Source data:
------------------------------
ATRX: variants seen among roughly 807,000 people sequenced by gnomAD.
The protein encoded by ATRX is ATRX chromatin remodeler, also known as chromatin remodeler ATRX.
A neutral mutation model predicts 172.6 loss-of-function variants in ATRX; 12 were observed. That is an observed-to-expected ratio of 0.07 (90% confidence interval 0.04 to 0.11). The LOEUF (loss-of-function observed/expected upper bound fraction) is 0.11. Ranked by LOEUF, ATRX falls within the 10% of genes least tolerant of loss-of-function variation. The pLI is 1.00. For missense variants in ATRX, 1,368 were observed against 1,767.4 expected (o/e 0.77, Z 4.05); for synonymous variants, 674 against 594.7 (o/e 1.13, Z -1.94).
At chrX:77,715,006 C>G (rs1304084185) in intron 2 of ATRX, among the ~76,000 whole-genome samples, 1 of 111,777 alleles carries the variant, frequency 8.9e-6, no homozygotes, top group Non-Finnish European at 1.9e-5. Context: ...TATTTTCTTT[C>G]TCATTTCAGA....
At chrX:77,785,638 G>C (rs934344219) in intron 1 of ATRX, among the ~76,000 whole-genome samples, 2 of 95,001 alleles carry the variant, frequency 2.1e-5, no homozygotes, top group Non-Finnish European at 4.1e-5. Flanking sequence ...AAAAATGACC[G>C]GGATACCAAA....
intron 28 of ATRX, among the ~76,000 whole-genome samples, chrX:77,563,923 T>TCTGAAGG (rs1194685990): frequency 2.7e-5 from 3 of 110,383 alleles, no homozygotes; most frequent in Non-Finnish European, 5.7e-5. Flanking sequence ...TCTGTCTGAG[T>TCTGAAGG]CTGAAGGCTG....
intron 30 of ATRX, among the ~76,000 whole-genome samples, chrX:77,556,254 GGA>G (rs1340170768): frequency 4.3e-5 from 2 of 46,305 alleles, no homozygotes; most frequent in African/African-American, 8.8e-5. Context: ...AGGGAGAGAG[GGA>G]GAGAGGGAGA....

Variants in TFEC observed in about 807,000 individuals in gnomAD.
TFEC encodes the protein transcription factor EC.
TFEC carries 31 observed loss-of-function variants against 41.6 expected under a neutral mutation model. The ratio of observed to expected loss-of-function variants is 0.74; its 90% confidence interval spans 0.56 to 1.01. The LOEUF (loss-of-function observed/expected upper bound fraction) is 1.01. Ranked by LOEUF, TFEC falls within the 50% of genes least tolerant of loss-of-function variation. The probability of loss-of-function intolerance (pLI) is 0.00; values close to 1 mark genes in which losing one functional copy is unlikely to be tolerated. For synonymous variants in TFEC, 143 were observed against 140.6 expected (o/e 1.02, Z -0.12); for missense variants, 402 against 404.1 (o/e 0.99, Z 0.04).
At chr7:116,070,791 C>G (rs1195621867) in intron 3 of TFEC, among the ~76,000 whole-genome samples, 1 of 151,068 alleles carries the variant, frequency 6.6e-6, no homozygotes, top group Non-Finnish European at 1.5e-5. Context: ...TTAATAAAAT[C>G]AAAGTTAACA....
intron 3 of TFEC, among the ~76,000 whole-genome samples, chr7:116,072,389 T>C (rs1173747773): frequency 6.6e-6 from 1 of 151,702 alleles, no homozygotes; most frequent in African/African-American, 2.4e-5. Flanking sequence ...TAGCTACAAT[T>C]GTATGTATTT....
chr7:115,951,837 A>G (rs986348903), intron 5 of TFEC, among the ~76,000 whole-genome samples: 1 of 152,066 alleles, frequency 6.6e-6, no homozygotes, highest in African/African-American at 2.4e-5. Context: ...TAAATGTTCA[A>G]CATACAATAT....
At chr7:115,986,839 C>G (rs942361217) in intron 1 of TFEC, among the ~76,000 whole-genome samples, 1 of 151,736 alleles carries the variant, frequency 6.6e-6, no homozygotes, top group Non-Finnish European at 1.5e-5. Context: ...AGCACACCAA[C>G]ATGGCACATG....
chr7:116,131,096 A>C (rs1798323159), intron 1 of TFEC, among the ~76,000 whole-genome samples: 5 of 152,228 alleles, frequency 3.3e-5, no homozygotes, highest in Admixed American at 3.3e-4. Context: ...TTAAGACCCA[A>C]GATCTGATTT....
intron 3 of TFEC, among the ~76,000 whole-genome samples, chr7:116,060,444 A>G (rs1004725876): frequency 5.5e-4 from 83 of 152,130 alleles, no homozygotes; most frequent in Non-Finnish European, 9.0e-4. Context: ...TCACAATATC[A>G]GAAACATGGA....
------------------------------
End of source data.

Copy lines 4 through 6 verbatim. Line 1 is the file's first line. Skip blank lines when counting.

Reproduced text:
At chrX:77,715,006 C>G (rs1304084185) in intron 2 of ATRX, among the ~76,000 whole-genome samples, 1 of 111,777 alleles carries the variant, frequency 8.9e-6, no homozygotes, top group Non-Finnish European at 1.9e-5. Context: ...TATTTTCTTT[C>G]TCATTTCAGA....
At chrX:77,785,638 G>C (rs934344219) in intron 1 of ATRX, among the ~76,000 whole-genome samples, 2 of 95,001 alleles carry the variant, frequency 2.1e-5, no homozygotes, top group Non-Finnish European at 4.1e-5. Flanking sequence ...AAAAATGACC[G>C]GGATACCAAA....
intron 28 of ATRX, among the ~76,000 whole-genome samples, chrX:77,563,923 T>TCTGAAGG (rs1194685990): frequency 2.7e-5 from 3 of 110,383 alleles, no homozygotes; most frequent in Non-Finnish European, 5.7e-5. Flanking sequence ...TCTGTCTGAG[T>TCTGAAGG]CTGAAGGCTG....